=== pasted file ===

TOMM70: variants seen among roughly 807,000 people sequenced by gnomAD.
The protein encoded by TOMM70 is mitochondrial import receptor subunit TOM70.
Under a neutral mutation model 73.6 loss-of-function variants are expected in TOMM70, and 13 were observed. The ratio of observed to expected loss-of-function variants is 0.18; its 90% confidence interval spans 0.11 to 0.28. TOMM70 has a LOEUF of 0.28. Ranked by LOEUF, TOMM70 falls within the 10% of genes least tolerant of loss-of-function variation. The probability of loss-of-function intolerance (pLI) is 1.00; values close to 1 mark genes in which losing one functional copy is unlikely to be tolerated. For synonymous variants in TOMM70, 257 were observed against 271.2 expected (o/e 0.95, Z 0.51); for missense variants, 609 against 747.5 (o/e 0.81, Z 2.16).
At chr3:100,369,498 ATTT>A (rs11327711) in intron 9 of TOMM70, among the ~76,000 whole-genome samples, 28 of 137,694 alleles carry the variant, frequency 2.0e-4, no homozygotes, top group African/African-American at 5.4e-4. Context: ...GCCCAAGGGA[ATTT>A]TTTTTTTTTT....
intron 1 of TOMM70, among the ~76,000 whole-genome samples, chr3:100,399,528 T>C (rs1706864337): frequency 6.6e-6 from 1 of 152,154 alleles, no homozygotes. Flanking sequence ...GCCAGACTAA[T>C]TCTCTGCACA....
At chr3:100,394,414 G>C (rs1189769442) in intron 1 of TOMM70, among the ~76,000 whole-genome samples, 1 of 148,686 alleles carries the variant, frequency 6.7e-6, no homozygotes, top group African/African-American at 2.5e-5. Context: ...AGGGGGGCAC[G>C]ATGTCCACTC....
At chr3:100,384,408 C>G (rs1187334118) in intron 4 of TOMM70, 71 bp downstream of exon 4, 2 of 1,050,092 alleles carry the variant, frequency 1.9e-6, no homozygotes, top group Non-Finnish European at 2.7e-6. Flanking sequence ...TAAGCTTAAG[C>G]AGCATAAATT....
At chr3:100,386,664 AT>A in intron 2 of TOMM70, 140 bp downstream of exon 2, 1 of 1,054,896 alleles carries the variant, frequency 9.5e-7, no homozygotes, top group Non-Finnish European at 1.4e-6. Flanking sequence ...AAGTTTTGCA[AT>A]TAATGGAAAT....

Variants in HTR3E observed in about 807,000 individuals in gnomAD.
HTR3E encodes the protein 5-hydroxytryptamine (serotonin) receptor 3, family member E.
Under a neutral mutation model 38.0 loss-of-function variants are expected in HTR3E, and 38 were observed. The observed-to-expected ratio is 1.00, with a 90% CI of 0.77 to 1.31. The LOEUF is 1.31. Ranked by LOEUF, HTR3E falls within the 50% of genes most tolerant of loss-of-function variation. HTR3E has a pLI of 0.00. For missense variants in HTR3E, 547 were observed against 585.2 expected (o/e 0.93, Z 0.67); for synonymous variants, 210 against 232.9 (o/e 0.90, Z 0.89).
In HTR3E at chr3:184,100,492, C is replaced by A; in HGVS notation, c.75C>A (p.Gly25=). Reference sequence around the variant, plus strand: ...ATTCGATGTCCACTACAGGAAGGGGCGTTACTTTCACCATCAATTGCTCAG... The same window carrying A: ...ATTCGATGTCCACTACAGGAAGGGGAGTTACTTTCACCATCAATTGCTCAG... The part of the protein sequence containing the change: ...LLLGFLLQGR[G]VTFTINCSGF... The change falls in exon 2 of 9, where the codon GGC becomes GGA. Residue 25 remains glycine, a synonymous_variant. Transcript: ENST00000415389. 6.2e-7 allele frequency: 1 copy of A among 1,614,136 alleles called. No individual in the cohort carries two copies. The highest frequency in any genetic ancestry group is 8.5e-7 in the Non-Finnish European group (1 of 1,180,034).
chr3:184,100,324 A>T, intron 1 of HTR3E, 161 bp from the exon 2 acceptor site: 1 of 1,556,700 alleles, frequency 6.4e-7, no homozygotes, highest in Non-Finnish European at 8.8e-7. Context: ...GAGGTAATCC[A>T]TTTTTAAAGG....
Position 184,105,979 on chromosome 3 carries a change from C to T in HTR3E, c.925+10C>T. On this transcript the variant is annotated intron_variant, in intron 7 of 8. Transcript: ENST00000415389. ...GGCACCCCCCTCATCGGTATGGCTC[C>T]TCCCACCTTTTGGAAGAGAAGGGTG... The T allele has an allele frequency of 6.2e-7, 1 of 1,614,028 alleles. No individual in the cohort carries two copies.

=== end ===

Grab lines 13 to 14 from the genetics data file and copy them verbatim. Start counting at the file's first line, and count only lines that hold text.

chr3:184,100,324 A>T, intron 1 of HTR3E, 161 bp from the exon 2 acceptor site: 1 of 1,556,700 alleles, frequency 6.4e-7, no homozygotes, highest in Non-Finnish European at 8.8e-7. Context: ...GAGGTAATCC[A>T]TTTTTAAAGG....
Position 184,105,979 on chromosome 3 carries a change from C to T in HTR3E, c.925+10C>T. On this transcript the variant is annotated intron_variant, in intron 7 of 8. Transcript: ENST00000415389. ...GGCACCCCCCTCATCGGTATGGCTC[C>T]TCCCACCTTTTGGAAGAGAAGGGTG... The T allele has an allele frequency of 6.2e-7, 1 of 1,614,028 alleles. No individual in the cohort carries two copies.